“They all did drawings of what they thought should be in the mosaic, and then I took all their drawings and came up with a cohesive design using as many of their ideas as possible,” Laura Jean explains. “And then I drew it out and they helped paint it in.” When we visited, the class was busy breaking tiles and placing them on the mosaic, now in several sections.

“Since it’s focusing on community, the students came up with their ideas of what community is, so there are scenes of when we go to Arsenal Park, which is right down the street, there’s a school bus, the school is included, and we have some STEAM related items,” Joe adds. “Just a lot of things that they think go in together to make a community.”

The completed mosaic will hang by the school’s library, downstairs from their classroom. It’s large – it will measure 15 feet by 6 feet – and it will be a permanent fixture in the school.

“You’ll always remember what you did in third grade when you see it,” one little third grader observes. “I put that one in,” another adds, proudly pointing to his tiles.

“This is a pretty big project; it’s been a learning experience for me, too, but they love it and I keep telling them, you know when this is finished you’re going to see it on the wall, and say, I did that,” Joe says. “And we’re also going to be pulling in some students from other classes to add some tile so the whole school is going to be participating.”

This article originally appeared on WQED’s website for the Remake Learning Series, a multimedia partnership of NEXTpittsburgh, Pittsburgh Magazine and WESA. 

Barriers to breastfeeding exist despite education efforts

Connor Mulvaney for PublicSource. 20160223. Donated breast milk is stored in freezers awaiting to be pasteurized the lab at Three Rivers Mother's Milk Bank in the Strip District. Milk donations from the bank are mostly given to babies that have been born prematurely at local hospitals. Andrea Frazier.
Kidsburgh Staff
April08/ 2016

By Andrea Frazier for PublicSource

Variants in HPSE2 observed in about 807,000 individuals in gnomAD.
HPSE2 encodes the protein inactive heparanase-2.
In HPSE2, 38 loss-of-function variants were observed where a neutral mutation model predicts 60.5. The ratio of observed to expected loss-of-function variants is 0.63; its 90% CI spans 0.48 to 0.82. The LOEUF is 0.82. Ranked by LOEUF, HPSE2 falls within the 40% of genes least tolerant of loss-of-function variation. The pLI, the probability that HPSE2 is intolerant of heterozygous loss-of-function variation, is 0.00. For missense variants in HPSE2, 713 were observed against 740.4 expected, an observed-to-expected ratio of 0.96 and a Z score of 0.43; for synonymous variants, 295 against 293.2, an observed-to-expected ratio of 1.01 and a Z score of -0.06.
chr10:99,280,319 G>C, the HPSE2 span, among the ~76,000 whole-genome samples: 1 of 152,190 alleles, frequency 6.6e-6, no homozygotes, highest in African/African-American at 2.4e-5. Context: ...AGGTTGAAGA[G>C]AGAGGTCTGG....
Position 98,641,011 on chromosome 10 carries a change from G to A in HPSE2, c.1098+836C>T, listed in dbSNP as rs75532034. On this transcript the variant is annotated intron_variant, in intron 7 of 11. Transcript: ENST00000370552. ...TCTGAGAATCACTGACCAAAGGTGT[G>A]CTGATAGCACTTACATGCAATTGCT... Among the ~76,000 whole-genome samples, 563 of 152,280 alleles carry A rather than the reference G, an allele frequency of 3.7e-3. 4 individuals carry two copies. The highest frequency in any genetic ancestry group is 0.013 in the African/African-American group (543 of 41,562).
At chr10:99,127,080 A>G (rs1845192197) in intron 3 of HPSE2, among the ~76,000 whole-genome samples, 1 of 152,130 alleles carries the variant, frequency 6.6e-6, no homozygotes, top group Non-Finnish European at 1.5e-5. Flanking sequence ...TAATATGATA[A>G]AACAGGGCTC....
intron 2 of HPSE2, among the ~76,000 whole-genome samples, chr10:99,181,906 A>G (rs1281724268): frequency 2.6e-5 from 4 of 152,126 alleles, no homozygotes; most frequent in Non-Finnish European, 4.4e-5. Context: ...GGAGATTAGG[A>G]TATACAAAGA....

When Elizabeth Janci’s son, Rudy, was born in a Pittsburgh hospital in 2011, he spent seven days in the NICU, where she says nurses discouraged her from breastfeeding.

“As a first-time mom, I was just flailing,” Janci said.

The nurses implored Janci to pump and feed her son breast milk from a bottle, claiming this was necessary to measure his meals. Later, she learned they could have done this by weighing the baby before and after he nursed.

“That made it so he was used to the bottle nipple and bottle flow before we had any kind of breastfeeding relationship established,” she said.

Although Janci went on to successfully breastfeed, a federal health survey found that only 15 percent of Pennsylvania mothers breastfed without supplementing with formula until their babies were six months old, as the American Academy of Pediatrics recommends.

And with Pennsylvania’s breastfeeding rates below the national average — when the United States already lags behind other developed countries — the state stepped in one year ago by establishing the Keystone 10.

Of 102 eligible facilities in Pennsylvania, 69 hospitals and birthing centers signed on to the initiative, signaling that over an estimated three to five years they’ll implement procedures that encourage successful breastfeeding.

Because many new moms may be the first in their families to attempt to breastfeed for generations and often lack knowledge and support, all while experiencing societal and workplace pressures, medical professionals say too few infants are reaping the lifelong health benefits of breastfeeding.

Breastfed babies are less likely to develop asthma, ear infections, diarrhea and pneumonia; breast milk may also help to avoid sudden infant death syndrome (SIDS) or obesity.

In addition to the Keystone 10, advocates are championing a bill that would ensure all women — both wage workers and salaried professionals — have accommodations to pump at work.

“Breastfeeding is not just a lifestyle choice for a mom; it’s actually a very critical decision for the infant,” said Dr. Jennifer Zarit, interim medical director at the Breastfeeding Center of Pittsburgh, which offers lactation consulting and classes.

‘Intense to learn’

When her daughter, Lucy, was born in 2004, Angel Vogel didn’t know she had to pump her milk regularly to continue to produce it.

By the time she realized her mistake, her supply had nearly disappeared. Vogel, a nurse from Baldwin, spent five months trying to cultivate a breastfeeding relationship with her daughter before giving up.

Angel Vogel watches her daughter, Lucy, play in their Baldwin home. Vogel had difficulty breastfeeding Lucy, who is now 11 years old, but she was able to breastfeed her younger son, Sam, with guidance from La Leche League. (Photo by Connor Mulvaney/PublicSource)